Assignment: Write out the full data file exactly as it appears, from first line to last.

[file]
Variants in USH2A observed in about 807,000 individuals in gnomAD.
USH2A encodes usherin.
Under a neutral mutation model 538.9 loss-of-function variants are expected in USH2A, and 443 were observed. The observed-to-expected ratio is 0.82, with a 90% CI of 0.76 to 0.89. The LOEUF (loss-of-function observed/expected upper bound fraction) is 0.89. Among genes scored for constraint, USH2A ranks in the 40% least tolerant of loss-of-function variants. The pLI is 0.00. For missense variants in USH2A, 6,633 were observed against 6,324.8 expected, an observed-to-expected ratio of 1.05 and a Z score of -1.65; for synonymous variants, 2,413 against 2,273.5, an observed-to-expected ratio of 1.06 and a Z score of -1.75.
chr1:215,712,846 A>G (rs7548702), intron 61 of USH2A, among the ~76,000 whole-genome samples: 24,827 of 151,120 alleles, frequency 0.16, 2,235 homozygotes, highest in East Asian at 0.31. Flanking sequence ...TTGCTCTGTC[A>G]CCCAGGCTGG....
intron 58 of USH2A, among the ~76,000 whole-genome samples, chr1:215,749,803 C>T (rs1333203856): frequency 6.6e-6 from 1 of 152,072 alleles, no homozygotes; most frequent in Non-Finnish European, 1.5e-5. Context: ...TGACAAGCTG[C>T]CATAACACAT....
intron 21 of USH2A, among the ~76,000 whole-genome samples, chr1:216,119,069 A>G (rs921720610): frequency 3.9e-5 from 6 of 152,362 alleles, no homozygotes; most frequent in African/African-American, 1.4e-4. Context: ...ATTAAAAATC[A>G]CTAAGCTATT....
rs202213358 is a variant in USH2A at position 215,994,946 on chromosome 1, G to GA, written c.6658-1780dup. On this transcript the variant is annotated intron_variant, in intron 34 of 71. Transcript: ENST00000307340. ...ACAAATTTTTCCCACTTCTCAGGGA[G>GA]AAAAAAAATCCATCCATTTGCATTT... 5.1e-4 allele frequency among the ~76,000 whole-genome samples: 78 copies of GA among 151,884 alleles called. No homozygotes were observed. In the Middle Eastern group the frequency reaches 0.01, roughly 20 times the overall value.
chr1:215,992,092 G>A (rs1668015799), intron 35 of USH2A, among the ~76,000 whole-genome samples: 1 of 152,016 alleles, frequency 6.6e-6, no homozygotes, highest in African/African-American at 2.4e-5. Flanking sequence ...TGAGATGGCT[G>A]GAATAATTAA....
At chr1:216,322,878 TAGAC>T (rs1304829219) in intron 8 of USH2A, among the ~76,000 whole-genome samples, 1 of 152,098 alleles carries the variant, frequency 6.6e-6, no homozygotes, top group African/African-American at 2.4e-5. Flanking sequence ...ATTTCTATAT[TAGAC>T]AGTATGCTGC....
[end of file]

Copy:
Variants in USH2A observed in about 807,000 individuals in gnomAD.
USH2A encodes usherin.
Under a neutral mutation model 538.9 loss-of-function variants are expected in USH2A, and 443 were observed. The observed-to-expected ratio is 0.82, with a 90% CI of 0.76 to 0.89. The LOEUF (loss-of-function observed/expected upper bound fraction) is 0.89. Among genes scored for constraint, USH2A ranks in the 40% least tolerant of loss-of-function variants. The pLI is 0.00. For missense variants in USH2A, 6,633 were observed against 6,324.8 expected, an observed-to-expected ratio of 1.05 and a Z score of -1.65; for synonymous variants, 2,413 against 2,273.5, an observed-to-expected ratio of 1.06 and a Z score of -1.75.
chr1:215,712,846 A>G (rs7548702), intron 61 of USH2A, among the ~76,000 whole-genome samples: 24,827 of 151,120 alleles, frequency 0.16, 2,235 homozygotes, highest in East Asian at 0.31. Flanking sequence ...TTGCTCTGTC[A>G]CCCAGGCTGG....
intron 58 of USH2A, among the ~76,000 whole-genome samples, chr1:215,749,803 C>T (rs1333203856): frequency 6.6e-6 from 1 of 152,072 alleles, no homozygotes; most frequent in Non-Finnish European, 1.5e-5. Context: ...TGACAAGCTG[C>T]CATAACACAT....
intron 21 of USH2A, among the ~76,000 whole-genome samples, chr1:216,119,069 A>G (rs921720610): frequency 3.9e-5 from 6 of 152,362 alleles, no homozygotes; most frequent in African/African-American, 1.4e-4. Context: ...ATTAAAAATC[A>G]CTAAGCTATT....
rs202213358 is a variant in USH2A at position 215,994,946 on chromosome 1, G to GA, written c.6658-1780dup. On this transcript the variant is annotated intron_variant, in intron 34 of 71. Transcript: ENST00000307340. ...ACAAATTTTTCCCACTTCTCAGGGA[G>GA]AAAAAAAATCCATCCATTTGCATTT... 5.1e-4 allele frequency among the ~76,000 whole-genome samples: 78 copies of GA among 151,884 alleles called. No homozygotes were observed. In the Middle Eastern group the frequency reaches 0.01, roughly 20 times the overall value.
chr1:215,992,092 G>A (rs1668015799), intron 35 of USH2A, among the ~76,000 whole-genome samples: 1 of 152,016 alleles, frequency 6.6e-6, no homozygotes, highest in African/African-American at 2.4e-5. Flanking sequence ...TGAGATGGCT[G>A]GAATAATTAA....
At chr1:216,322,878 TAGAC>T (rs1304829219) in intron 8 of USH2A, among the ~76,000 whole-genome samples, 1 of 152,098 alleles carries the variant, frequency 6.6e-6, no homozygotes, top group African/African-American at 2.4e-5. Flanking sequence ...ATTTCTATAT[TAGAC>T]AGTATGCTGC....